Onward to the subject of oak. Whether you know it or not, you recognize the taste and aroma of oak in wine. It’s just about the only influence on flavor that can make a wine seem creamy and buttery, with notes of toasted nuts and of all the delicious spices you would use to bake a gingerbread cookie. And if you really, truly believe you don’t recognize this flavor, don’t worry – it’s the easiest to component to pick up. To conduct an at-home comparative tasting experiment (one of my very favorite things to do…by now you’ve accepted the fact that I’m a stone cold nerd) just get yourself a bottle of Chablis and a bottle of traditionally made California Chardonnay (I recommend St. Francis or Ferrari Carano) but you could certainly just ask the folks at your local wine shop for something distinctively oaky. Uncork each bottle, grab two wine glasses that are big enough to give you plenty of room to swirl and pour yourself a bit of each wine. Start by smelling the Chablis. It could smell like many things to you, but generally the Chardonnay grape will remind you of fresh apples and pears, so see if you can pick those notes out. You might get a little bit of a smoky note, perhaps something that reminds you of oyster shells (winos refer to that as minerality, it comes from the soil), but it won’t be terribly aromatic. Now smell the oaky Cali Chardonnay. See the difference? Same exact grape, people! While the apples and pears should still be there, now that oak has been brought to the party, the wine *also* smells like buttered popcorn, toast and vanilla – none of which were present in the Chablis. Now you know what oak smells like! So if you hate that smell and flavor in your wine, ask for an unoaked wine (winemakers age all sorts of grapes in oak, not just Chardonnay). If you’re in the mood for just a hint of vanilla and spice, ask for a lightly oaked wine. If oak is your thing, go ahead and ask for lots of it!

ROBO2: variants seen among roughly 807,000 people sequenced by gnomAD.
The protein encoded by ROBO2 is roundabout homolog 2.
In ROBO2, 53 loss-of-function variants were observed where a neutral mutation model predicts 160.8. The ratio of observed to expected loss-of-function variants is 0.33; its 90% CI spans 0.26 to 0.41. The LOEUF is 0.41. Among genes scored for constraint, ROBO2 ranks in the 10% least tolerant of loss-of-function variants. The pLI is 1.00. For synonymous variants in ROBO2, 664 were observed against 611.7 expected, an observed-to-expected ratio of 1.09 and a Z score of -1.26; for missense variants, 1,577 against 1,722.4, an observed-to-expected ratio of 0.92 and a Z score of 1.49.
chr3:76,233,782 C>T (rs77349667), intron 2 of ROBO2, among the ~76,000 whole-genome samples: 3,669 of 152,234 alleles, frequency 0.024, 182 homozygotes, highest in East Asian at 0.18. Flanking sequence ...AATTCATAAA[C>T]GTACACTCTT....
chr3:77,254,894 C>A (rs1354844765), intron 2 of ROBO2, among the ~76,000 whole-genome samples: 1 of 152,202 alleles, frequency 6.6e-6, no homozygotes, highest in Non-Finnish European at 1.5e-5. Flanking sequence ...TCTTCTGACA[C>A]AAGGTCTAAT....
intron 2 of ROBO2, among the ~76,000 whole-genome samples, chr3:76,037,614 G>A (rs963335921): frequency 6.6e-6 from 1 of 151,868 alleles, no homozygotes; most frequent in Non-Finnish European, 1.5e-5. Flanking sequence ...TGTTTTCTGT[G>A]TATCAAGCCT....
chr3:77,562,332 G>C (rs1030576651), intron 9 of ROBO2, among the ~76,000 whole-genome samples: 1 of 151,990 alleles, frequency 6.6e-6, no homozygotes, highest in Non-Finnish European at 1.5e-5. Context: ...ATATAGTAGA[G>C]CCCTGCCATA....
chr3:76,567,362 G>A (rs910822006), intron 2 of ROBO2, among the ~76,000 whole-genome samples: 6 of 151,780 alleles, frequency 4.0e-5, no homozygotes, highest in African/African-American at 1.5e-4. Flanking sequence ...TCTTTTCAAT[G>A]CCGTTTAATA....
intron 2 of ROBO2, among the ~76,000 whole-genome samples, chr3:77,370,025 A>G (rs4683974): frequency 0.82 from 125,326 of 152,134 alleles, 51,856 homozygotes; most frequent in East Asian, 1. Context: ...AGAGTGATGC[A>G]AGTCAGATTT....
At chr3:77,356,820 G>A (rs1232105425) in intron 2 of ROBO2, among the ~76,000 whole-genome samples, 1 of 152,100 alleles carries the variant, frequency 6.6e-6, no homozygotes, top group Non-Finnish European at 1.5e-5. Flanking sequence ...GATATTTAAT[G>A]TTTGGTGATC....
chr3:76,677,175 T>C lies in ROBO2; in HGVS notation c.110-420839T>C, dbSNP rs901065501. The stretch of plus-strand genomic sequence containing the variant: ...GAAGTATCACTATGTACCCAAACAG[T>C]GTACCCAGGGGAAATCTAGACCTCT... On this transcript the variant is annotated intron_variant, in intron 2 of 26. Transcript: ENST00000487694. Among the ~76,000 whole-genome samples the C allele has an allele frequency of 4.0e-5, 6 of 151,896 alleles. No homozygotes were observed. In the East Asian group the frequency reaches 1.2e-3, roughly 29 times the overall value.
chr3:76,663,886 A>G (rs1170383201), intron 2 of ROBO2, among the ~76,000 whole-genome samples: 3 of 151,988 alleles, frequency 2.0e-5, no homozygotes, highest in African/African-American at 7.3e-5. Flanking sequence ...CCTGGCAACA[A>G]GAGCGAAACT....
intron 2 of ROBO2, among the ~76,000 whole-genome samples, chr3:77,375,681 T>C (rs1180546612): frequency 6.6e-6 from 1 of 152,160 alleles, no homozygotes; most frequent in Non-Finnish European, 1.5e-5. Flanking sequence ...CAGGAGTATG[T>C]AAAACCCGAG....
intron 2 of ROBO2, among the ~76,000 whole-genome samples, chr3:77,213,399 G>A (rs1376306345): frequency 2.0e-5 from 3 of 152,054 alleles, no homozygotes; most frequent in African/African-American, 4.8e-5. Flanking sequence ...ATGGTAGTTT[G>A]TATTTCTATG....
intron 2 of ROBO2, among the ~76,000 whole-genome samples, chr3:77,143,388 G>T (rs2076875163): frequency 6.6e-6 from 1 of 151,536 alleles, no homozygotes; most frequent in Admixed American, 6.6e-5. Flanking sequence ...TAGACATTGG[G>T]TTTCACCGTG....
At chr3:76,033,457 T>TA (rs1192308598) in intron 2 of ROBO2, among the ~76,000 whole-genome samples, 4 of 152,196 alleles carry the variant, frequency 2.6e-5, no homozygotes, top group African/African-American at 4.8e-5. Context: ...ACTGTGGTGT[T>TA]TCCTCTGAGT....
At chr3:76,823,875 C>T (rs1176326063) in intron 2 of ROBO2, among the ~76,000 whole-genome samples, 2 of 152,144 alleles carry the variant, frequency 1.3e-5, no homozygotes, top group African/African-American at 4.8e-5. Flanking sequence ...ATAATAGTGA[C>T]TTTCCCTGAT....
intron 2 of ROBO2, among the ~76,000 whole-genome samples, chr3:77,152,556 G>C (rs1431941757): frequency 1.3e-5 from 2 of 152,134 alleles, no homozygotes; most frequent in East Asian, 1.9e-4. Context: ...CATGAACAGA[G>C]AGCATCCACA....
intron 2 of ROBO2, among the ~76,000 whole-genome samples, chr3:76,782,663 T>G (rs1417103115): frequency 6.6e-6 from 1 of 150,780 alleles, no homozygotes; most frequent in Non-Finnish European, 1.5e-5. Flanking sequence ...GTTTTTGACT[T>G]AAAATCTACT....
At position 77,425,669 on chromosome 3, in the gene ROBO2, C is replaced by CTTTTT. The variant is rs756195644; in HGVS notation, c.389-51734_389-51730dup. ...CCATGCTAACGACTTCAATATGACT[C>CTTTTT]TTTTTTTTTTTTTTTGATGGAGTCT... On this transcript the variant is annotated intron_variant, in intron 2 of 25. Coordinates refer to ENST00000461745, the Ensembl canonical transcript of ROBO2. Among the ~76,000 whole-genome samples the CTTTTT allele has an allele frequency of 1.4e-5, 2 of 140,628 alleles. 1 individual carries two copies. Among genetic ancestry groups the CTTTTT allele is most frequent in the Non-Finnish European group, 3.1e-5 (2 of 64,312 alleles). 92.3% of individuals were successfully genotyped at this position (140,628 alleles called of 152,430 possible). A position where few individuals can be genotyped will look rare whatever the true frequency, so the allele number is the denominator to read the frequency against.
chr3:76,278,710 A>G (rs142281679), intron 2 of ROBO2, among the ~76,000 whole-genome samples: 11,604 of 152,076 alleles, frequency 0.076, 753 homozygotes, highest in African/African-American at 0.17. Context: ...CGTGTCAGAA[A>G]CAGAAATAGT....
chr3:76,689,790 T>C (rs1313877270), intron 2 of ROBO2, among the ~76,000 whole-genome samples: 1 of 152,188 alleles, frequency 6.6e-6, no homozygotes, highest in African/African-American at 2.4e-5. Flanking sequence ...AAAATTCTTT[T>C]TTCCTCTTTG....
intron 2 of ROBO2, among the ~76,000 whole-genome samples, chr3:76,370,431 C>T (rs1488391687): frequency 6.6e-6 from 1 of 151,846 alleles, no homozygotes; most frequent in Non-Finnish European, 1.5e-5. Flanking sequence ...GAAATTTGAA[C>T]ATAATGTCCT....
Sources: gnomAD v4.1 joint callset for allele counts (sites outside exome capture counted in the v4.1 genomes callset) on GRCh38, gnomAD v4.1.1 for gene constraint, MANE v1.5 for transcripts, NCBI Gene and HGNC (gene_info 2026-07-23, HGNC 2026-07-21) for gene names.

Wines are made in a variety of styles specifically to accommodate every palate and preference. We’ve just begun to scratch the surface here, but I hope I’ve gotten you a few steps closer to finding your perfect bottle (without having to bring up wet stones or barnyard). See you on March 22nd!
Hey all! I hope you liked reading Kimberly’s post. She’s an amazing encyclopedia of wine knowledge and is funky, funny and geeky in perfect proportions! I think she fits right in here at the G & the P. Show her some love with a comment or ask a question you’d love for her to take on. Wondering what to drink with that Corned Beef that’s percolating away in your fridge? Have you heard folks use a descriptor for a wine you were drinking and had no idea what they were talking about? (Corked? Oxidized? Orange?) She’s your lady! Lots more posts will follow and we’d love to hear your ideas. Peas! ~Emily